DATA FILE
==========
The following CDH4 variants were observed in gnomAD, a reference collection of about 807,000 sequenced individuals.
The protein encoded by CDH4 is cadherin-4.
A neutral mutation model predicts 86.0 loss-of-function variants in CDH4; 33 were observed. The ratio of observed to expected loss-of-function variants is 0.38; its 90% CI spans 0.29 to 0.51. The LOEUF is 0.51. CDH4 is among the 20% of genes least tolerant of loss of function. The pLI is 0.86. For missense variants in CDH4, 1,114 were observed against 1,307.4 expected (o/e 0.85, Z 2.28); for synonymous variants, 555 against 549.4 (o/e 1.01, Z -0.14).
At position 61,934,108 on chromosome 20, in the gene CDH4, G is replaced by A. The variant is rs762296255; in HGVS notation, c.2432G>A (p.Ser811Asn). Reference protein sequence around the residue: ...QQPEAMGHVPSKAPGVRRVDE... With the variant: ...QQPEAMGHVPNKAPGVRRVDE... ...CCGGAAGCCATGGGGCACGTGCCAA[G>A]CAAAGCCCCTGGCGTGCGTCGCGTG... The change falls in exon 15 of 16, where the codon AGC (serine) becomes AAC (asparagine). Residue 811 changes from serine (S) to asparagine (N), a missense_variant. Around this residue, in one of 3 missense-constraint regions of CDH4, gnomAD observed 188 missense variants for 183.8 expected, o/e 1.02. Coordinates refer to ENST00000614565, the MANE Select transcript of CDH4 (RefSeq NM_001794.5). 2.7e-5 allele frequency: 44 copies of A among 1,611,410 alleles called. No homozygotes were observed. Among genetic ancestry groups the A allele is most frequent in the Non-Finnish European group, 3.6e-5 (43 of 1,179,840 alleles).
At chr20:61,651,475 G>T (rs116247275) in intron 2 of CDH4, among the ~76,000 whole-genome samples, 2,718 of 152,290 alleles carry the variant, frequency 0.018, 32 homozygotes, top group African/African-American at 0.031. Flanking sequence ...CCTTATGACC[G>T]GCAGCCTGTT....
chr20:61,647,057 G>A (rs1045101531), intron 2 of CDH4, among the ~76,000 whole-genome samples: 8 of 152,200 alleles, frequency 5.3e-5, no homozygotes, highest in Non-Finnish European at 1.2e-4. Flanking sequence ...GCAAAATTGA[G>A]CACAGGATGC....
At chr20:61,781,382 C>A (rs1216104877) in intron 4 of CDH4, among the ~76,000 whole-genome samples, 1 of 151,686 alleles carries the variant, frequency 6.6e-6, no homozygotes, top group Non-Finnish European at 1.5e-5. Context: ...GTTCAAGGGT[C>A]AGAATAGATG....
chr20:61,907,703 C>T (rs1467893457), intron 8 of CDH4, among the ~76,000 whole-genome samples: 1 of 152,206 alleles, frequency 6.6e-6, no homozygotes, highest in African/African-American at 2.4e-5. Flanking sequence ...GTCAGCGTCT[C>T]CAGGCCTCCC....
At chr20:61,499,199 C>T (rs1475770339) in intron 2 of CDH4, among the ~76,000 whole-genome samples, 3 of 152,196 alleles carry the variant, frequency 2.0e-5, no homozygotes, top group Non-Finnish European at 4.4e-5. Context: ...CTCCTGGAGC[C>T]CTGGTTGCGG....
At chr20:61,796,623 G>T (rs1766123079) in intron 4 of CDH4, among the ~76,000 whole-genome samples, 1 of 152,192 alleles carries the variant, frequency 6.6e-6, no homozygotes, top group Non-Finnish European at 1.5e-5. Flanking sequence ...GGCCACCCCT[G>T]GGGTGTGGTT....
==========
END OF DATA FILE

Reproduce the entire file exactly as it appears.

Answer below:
The following CDH4 variants were observed in gnomAD, a reference collection of about 807,000 sequenced individuals.
The protein encoded by CDH4 is cadherin-4.
A neutral mutation model predicts 86.0 loss-of-function variants in CDH4; 33 were observed. The ratio of observed to expected loss-of-function variants is 0.38; its 90% CI spans 0.29 to 0.51. The LOEUF is 0.51. CDH4 is among the 20% of genes least tolerant of loss of function. The pLI is 0.86. For missense variants in CDH4, 1,114 were observed against 1,307.4 expected (o/e 0.85, Z 2.28); for synonymous variants, 555 against 549.4 (o/e 1.01, Z -0.14).
At position 61,934,108 on chromosome 20, in the gene CDH4, G is replaced by A. The variant is rs762296255; in HGVS notation, c.2432G>A (p.Ser811Asn). Reference protein sequence around the residue: ...QQPEAMGHVPSKAPGVRRVDE... With the variant: ...QQPEAMGHVPNKAPGVRRVDE... ...CCGGAAGCCATGGGGCACGTGCCAA[G>A]CAAAGCCCCTGGCGTGCGTCGCGTG... The change falls in exon 15 of 16, where the codon AGC (serine) becomes AAC (asparagine). Residue 811 changes from serine (S) to asparagine (N), a missense_variant. Around this residue, in one of 3 missense-constraint regions of CDH4, gnomAD observed 188 missense variants for 183.8 expected, o/e 1.02. Coordinates refer to ENST00000614565, the MANE Select transcript of CDH4 (RefSeq NM_001794.5). 2.7e-5 allele frequency: 44 copies of A among 1,611,410 alleles called. No homozygotes were observed. Among genetic ancestry groups the A allele is most frequent in the Non-Finnish European group, 3.6e-5 (43 of 1,179,840 alleles).
At chr20:61,651,475 G>T (rs116247275) in intron 2 of CDH4, among the ~76,000 whole-genome samples, 2,718 of 152,290 alleles carry the variant, frequency 0.018, 32 homozygotes, top group African/African-American at 0.031. Flanking sequence ...CCTTATGACC[G>T]GCAGCCTGTT....
chr20:61,647,057 G>A (rs1045101531), intron 2 of CDH4, among the ~76,000 whole-genome samples: 8 of 152,200 alleles, frequency 5.3e-5, no homozygotes, highest in Non-Finnish European at 1.2e-4. Flanking sequence ...GCAAAATTGA[G>A]CACAGGATGC....
At chr20:61,781,382 C>A (rs1216104877) in intron 4 of CDH4, among the ~76,000 whole-genome samples, 1 of 151,686 alleles carries the variant, frequency 6.6e-6, no homozygotes, top group Non-Finnish European at 1.5e-5. Context: ...GTTCAAGGGT[C>A]AGAATAGATG....
chr20:61,907,703 C>T (rs1467893457), intron 8 of CDH4, among the ~76,000 whole-genome samples: 1 of 152,206 alleles, frequency 6.6e-6, no homozygotes, highest in African/African-American at 2.4e-5. Flanking sequence ...GTCAGCGTCT[C>T]CAGGCCTCCC....
At chr20:61,499,199 C>T (rs1475770339) in intron 2 of CDH4, among the ~76,000 whole-genome samples, 3 of 152,196 alleles carry the variant, frequency 2.0e-5, no homozygotes, top group Non-Finnish European at 4.4e-5. Context: ...CTCCTGGAGC[C>T]CTGGTTGCGG....
At chr20:61,796,623 G>T (rs1766123079) in intron 4 of CDH4, among the ~76,000 whole-genome samples, 1 of 152,192 alleles carries the variant, frequency 6.6e-6, no homozygotes, top group Non-Finnish European at 1.5e-5. Flanking sequence ...GGCCACCCCT[G>T]GGGTGTGGTT....